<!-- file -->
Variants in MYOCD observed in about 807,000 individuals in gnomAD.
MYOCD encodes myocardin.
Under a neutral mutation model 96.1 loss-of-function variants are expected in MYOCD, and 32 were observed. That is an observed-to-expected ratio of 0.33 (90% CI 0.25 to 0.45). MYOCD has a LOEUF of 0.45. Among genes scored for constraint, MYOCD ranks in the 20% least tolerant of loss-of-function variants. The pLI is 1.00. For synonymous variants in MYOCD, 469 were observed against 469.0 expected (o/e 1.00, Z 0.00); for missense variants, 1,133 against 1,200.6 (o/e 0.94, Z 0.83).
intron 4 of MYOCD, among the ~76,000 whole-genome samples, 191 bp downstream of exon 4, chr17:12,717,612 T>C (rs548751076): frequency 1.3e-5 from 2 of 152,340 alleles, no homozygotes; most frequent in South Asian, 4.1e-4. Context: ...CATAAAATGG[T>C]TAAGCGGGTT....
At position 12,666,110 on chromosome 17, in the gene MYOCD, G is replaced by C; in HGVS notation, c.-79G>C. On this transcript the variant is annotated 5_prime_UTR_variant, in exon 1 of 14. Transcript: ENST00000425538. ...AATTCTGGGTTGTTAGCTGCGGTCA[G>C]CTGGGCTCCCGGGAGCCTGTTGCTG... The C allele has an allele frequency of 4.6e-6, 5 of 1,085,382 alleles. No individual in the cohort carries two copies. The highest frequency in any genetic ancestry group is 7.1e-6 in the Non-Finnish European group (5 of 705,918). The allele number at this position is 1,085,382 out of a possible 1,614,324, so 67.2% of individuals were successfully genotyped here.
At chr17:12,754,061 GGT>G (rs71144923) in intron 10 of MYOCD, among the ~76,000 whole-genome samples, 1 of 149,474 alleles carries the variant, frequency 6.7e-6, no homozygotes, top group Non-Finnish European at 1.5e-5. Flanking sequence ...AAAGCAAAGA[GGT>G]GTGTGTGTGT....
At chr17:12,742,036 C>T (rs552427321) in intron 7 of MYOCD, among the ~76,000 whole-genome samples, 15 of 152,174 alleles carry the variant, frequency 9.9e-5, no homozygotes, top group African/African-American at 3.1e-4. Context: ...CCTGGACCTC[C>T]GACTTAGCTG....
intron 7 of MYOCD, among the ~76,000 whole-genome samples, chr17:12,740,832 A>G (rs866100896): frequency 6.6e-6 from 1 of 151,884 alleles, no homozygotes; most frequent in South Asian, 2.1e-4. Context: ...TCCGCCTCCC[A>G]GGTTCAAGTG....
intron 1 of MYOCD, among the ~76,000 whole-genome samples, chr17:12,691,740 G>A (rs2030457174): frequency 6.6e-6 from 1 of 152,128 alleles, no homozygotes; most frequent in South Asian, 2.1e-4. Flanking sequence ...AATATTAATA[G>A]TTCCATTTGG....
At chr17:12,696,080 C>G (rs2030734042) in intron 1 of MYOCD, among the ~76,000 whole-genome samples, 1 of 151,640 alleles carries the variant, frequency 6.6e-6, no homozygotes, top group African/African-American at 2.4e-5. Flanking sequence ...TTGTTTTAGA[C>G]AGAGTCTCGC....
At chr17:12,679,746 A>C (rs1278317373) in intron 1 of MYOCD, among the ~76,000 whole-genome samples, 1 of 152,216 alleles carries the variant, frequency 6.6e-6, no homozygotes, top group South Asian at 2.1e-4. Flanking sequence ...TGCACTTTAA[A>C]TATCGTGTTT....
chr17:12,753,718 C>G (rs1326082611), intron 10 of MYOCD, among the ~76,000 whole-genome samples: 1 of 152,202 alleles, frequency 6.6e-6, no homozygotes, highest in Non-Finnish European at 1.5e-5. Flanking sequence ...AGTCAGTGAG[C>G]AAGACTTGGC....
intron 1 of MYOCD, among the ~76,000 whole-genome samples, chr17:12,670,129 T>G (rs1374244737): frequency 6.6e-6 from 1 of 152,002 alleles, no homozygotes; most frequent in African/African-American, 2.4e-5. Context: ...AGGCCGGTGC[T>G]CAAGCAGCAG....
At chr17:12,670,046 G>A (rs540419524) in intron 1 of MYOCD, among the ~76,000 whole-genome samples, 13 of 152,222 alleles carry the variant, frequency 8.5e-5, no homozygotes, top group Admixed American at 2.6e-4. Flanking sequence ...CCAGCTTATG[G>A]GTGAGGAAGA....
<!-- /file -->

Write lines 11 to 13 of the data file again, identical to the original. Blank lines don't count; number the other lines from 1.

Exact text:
At chr17:12,679,746 A>C (rs1278317373) in intron 1 of MYOCD, among the ~76,000 whole-genome samples, 1 of 152,216 alleles carries the variant, frequency 6.6e-6, no homozygotes, top group South Asian at 2.1e-4. Flanking sequence ...TGCACTTTAA[A>C]TATCGTGTTT....
chr17:12,753,718 C>G (rs1326082611), intron 10 of MYOCD, among the ~76,000 whole-genome samples: 1 of 152,202 alleles, frequency 6.6e-6, no homozygotes, highest in Non-Finnish European at 1.5e-5. Flanking sequence ...AGTCAGTGAG[C>G]AAGACTTGGC....
intron 1 of MYOCD, among the ~76,000 whole-genome samples, chr17:12,670,129 T>G (rs1374244737): frequency 6.6e-6 from 1 of 152,002 alleles, no homozygotes; most frequent in African/African-American, 2.4e-5. Context: ...AGGCCGGTGC[T>G]CAAGCAGCAG....